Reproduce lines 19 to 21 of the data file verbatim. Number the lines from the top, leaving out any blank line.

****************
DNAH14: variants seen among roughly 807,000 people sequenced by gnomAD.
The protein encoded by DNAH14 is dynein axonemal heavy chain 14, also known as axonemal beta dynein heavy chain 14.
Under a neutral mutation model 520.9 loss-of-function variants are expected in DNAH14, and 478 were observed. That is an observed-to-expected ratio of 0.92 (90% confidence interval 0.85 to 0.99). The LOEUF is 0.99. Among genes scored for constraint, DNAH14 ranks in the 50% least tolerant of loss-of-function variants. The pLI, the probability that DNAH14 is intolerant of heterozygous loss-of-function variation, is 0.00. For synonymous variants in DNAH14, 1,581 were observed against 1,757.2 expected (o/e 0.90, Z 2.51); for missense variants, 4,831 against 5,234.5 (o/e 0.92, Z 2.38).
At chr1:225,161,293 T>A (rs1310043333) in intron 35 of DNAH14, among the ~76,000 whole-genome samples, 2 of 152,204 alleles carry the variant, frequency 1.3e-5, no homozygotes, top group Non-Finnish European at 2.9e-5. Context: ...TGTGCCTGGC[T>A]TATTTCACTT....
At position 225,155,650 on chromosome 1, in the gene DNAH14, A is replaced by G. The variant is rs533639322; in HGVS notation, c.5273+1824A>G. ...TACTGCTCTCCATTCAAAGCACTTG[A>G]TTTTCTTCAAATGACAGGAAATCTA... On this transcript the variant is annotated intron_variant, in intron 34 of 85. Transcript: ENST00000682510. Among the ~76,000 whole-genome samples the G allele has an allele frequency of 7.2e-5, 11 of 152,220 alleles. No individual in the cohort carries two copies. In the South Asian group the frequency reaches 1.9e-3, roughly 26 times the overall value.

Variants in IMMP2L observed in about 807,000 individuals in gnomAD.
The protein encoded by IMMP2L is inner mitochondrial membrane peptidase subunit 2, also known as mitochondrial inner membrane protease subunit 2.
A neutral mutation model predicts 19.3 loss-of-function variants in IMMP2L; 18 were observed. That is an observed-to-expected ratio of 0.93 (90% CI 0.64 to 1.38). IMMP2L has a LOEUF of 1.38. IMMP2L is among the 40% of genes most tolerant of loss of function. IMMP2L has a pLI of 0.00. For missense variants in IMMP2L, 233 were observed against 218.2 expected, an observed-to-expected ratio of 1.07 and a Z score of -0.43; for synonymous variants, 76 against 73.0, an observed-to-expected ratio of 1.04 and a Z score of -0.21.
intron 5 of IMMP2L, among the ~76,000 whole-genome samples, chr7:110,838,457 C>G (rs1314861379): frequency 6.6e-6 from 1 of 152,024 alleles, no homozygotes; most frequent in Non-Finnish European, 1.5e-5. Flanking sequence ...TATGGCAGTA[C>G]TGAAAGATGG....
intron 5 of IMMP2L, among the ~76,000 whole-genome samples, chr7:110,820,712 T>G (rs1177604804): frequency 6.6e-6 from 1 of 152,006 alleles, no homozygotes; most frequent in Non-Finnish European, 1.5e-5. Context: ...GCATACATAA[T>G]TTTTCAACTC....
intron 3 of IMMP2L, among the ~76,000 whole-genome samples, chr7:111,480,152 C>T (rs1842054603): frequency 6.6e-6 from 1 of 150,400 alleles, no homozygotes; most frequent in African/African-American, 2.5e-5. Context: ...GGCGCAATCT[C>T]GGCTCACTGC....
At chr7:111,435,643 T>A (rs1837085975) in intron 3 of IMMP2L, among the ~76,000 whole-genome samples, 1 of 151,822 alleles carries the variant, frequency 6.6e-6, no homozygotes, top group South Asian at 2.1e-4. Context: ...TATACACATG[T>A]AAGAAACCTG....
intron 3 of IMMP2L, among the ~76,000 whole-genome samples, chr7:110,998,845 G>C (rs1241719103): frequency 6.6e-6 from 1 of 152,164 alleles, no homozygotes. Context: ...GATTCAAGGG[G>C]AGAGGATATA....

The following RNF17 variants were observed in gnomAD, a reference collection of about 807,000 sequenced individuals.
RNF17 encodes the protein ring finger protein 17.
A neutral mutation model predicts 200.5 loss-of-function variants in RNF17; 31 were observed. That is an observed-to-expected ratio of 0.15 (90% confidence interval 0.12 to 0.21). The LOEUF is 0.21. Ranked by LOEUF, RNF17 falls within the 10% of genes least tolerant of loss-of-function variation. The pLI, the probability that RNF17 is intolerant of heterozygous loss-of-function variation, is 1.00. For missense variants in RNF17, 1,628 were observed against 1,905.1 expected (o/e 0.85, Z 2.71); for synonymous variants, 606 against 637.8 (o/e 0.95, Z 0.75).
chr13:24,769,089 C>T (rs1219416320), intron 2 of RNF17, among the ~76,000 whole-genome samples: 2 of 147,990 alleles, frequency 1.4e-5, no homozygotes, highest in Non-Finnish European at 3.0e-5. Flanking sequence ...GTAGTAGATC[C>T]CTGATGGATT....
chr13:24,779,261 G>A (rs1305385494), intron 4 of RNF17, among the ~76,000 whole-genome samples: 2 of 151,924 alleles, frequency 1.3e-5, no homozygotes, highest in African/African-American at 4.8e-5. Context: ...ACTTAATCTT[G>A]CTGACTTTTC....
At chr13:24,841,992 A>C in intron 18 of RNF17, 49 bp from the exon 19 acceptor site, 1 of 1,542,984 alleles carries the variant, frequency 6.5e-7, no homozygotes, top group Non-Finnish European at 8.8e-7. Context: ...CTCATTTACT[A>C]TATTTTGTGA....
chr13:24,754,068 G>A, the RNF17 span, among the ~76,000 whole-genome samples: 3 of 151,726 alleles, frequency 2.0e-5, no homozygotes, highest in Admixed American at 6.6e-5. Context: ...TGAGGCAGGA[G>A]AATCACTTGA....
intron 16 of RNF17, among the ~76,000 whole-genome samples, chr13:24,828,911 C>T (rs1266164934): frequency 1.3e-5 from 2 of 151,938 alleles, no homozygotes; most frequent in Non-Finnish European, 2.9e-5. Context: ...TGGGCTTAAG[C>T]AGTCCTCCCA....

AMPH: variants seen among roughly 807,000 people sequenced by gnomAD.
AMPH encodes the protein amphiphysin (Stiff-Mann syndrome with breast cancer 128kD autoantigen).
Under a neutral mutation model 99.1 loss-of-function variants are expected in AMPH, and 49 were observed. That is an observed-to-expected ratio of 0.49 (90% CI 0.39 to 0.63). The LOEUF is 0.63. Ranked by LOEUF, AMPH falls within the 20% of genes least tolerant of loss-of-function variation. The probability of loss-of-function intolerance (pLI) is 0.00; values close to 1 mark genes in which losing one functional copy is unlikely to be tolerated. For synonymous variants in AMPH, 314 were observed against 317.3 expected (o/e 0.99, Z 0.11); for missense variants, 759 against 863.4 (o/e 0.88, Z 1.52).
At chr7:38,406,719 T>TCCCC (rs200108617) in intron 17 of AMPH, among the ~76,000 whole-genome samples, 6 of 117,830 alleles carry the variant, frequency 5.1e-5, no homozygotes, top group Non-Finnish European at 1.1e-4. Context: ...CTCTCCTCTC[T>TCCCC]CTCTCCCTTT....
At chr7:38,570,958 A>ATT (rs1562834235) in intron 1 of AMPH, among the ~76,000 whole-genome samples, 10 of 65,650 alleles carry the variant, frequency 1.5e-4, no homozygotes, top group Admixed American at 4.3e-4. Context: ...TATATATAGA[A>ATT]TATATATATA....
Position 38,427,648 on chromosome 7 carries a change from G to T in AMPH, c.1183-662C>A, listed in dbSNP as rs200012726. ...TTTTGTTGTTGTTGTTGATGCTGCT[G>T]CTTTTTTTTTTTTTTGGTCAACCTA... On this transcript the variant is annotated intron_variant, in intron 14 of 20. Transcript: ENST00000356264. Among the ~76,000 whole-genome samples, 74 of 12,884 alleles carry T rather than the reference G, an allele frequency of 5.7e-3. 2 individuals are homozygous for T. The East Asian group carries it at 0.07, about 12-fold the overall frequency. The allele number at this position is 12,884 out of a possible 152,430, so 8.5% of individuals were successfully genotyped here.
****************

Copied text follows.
At chr13:24,841,992 A>C in intron 18 of RNF17, 49 bp from the exon 19 acceptor site, 1 of 1,542,984 alleles carries the variant, frequency 6.5e-7, no homozygotes, top group Non-Finnish European at 8.8e-7. Context: ...CTCATTTACT[A>C]TATTTTGTGA....
chr13:24,754,068 G>A, the RNF17 span, among the ~76,000 whole-genome samples: 3 of 151,726 alleles, frequency 2.0e-5, no homozygotes, highest in Admixed American at 6.6e-5. Context: ...TGAGGCAGGA[G>A]AATCACTTGA....
intron 16 of RNF17, among the ~76,000 whole-genome samples, chr13:24,828,911 C>T (rs1266164934): frequency 1.3e-5 from 2 of 151,938 alleles, no homozygotes; most frequent in Non-Finnish European, 2.9e-5. Context: ...TGGGCTTAAG[C>T]AGTCCTCCCA....